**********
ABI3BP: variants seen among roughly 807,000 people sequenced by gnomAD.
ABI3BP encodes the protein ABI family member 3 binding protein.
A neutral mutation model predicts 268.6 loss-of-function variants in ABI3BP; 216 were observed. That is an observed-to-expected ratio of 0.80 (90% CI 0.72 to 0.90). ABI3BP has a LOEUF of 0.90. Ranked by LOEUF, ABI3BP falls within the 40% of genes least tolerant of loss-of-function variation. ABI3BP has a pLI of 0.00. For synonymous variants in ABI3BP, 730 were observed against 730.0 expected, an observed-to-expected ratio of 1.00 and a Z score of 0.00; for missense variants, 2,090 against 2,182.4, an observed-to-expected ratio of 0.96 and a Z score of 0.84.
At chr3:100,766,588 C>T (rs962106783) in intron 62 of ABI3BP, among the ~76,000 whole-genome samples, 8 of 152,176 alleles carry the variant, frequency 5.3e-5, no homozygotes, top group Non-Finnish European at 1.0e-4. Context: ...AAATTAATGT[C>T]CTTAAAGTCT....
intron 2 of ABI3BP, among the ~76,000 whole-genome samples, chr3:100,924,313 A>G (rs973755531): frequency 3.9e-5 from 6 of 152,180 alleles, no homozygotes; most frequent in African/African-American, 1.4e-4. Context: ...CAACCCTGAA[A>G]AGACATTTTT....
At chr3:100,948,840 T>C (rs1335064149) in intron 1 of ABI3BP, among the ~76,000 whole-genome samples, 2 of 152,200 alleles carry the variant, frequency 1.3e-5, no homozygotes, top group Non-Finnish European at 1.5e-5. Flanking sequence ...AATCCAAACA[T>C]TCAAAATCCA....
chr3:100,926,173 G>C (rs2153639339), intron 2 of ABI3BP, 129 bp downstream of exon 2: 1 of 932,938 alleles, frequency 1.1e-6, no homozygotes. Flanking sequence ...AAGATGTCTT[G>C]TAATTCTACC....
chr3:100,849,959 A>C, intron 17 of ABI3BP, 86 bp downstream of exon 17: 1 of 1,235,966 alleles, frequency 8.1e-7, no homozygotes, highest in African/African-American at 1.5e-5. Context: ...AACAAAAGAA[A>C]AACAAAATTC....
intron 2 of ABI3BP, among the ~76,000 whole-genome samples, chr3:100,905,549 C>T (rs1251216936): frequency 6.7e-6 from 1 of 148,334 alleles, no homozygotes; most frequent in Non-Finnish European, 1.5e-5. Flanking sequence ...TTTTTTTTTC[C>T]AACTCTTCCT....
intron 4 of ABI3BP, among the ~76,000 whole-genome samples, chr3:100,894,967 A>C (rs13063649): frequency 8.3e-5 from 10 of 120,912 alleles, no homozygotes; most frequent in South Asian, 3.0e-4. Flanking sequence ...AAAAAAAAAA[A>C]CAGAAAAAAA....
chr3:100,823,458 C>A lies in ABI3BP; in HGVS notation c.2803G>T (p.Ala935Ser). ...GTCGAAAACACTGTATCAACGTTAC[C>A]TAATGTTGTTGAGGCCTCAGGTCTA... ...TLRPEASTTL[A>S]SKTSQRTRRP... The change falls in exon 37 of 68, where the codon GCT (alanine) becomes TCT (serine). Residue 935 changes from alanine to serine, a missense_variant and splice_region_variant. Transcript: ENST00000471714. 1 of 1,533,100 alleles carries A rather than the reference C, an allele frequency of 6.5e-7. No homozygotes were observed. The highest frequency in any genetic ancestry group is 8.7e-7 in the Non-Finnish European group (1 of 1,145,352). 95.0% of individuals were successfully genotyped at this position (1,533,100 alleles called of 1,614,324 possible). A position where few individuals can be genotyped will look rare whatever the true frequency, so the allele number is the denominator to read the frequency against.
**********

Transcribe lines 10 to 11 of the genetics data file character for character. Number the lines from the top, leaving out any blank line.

intron 4 of ABI3BP, among the ~76,000 whole-genome samples, chr3:100,894,967 A>C (rs13063649): frequency 8.3e-5 from 10 of 120,912 alleles, no homozygotes; most frequent in South Asian, 3.0e-4. Flanking sequence ...AAAAAAAAAA[A>C]CAGAAAAAAA....
chr3:100,823,458 C>A lies in ABI3BP; in HGVS notation c.2803G>T (p.Ala935Ser). ...GTCGAAAACACTGTATCAACGTTAC[C>A]TAATGTTGTTGAGGCCTCAGGTCTA... ...TLRPEASTTL[A>S]SKTSQRTRRP... The change falls in exon 37 of 68, where the codon GCT (alanine) becomes TCT (serine). Residue 935 changes from alanine to serine, a missense_variant and splice_region_variant. Transcript: ENST00000471714. 1 of 1,533,100 alleles carries A rather than the reference C, an allele frequency of 6.5e-7. No homozygotes were observed. The highest frequency in any genetic ancestry group is 8.7e-7 in the Non-Finnish European group (1 of 1,145,352). 95.0% of individuals were successfully genotyped at this position (1,533,100 alleles called of 1,614,324 possible). A position where few individuals can be genotyped will look rare whatever the true frequency, so the allele number is the denominator to read the frequency against.